Archaeology

Aorun Zhaoi is a Newly Discovered Dinosaur Species Found in Remote Area of China



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Scientists have declared they have discovered a new dinosaur species after studying several fossils found in northwestern China. The prehistoric remains were discovered in 2006 in a remote area of Xinjiang.

According to researchers at George Washington University, the fossils have been identified as a new species of small theropod; or in other words, a carnivorous dinosaur.

Originally found by James Clark, the Ronald B. Weintraub Professor of Biology, Department of Biological Sciences of George Washington University's Columbian College of Arts and Sciences, and Jonah Choiniere, a doctoral student at the time, along with a team of international researchers, the remains have undergone study since they were uncovered.

The dinosaur was not found completely intact, however, from the sounds of it, enough remains were found in order to give researchers a clear idea of its makeup. Found in the secluded region were a skull, a mandible and a partial skeleton of the dinosaur.

“All that was exposed on the surface was a bit of the leg. We were pleasantly surprised to find a skull buried in the rock too,” Dr. Clark said.

This prehistoric creature walked the Earth over 161 million years ago, in the earliest part of the Late Jurassic Period, said the scientists.  

Small in nature, the newly discovered dino is described as being approximately 3 feet long (1 meter) and just 3 pounds. However, researchers have also suggested this specimen was more than likely a young dinosaur and had not possibly yet reached its full growth.  They believe the dinosaur was under a year old at the time it became fossilized.

“We were able to look at microscopic details of Aorun’s bones and they showed that the animal was less than a year old when it died on the banks of a stream,” said Dr. Choiniere.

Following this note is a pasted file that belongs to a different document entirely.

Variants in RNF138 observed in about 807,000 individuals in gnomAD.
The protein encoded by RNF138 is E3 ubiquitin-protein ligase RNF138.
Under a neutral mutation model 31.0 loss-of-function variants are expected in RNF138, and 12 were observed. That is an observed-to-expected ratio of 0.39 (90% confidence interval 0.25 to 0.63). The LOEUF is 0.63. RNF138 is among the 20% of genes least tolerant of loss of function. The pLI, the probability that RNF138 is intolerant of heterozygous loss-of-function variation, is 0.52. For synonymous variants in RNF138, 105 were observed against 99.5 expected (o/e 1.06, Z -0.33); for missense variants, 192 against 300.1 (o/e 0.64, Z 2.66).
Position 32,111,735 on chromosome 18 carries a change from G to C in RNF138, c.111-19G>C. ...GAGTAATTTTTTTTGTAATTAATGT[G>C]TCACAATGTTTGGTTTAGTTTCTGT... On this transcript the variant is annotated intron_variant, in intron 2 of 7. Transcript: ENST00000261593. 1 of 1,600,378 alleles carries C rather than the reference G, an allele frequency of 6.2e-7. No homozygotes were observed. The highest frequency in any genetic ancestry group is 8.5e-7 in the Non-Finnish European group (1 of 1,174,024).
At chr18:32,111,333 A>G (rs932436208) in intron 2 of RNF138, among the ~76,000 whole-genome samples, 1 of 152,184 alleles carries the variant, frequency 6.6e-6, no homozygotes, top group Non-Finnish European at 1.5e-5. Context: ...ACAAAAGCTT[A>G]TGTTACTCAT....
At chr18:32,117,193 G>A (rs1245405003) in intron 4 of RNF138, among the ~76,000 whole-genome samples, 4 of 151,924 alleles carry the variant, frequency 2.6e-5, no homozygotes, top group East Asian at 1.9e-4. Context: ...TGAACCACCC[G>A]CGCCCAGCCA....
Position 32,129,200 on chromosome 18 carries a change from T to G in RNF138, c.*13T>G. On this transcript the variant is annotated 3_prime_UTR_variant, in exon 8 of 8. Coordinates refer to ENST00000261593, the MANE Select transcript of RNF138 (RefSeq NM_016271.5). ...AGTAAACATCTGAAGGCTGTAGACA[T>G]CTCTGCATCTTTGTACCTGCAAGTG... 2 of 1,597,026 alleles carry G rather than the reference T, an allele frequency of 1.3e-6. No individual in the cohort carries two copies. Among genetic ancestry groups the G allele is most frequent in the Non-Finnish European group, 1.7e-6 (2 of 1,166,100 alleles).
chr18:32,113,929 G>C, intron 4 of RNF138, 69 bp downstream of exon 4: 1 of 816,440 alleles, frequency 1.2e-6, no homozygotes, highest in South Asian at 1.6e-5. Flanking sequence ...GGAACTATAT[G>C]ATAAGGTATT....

Choiniere is now working at the Evolutionary Studies Institute at the University of the Witwatersrand in Johannesburg, South Africa as a senior researcher, according to media reports.

The team named the new species "Aorun zhaoi", after the Dragon King in the Chinese literary work, "Journey to the West".  

According to Red Orbit, while a new species, the researchers classified Aorun zhaoi as belonging to the same suborder as the mighty Tyrannosaurus Rex.

Its teeth suggested the Dragon King dinosaur was also a meat-eater. Reportedly, the dinosaur had numerous small teeth.

In their report, the researchers describe their techniques and logic in differentiating this dinosaur from other previously discovered species. Full details of this find have been published online in the May 3, 2013 edition of the Journal of Systematic Palaeontology.

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  • InfoBoxCallToAction ActionArrowhttps://mediarelations.gwu.edu/george-washington-university-biologist-discovers-new-dinosaur-china
  • InfoBoxCallToAction ActionArrowhttp://www.redorbit.com/news/science/1112838328/china-fossils-are-a-new-dinosaur-species-aorun-zhaoi-050513/
  • InfoBoxCallToAction ActionArrowhttp://www.tandfonline.com/doi/full/10.1080/14772019.2013.781067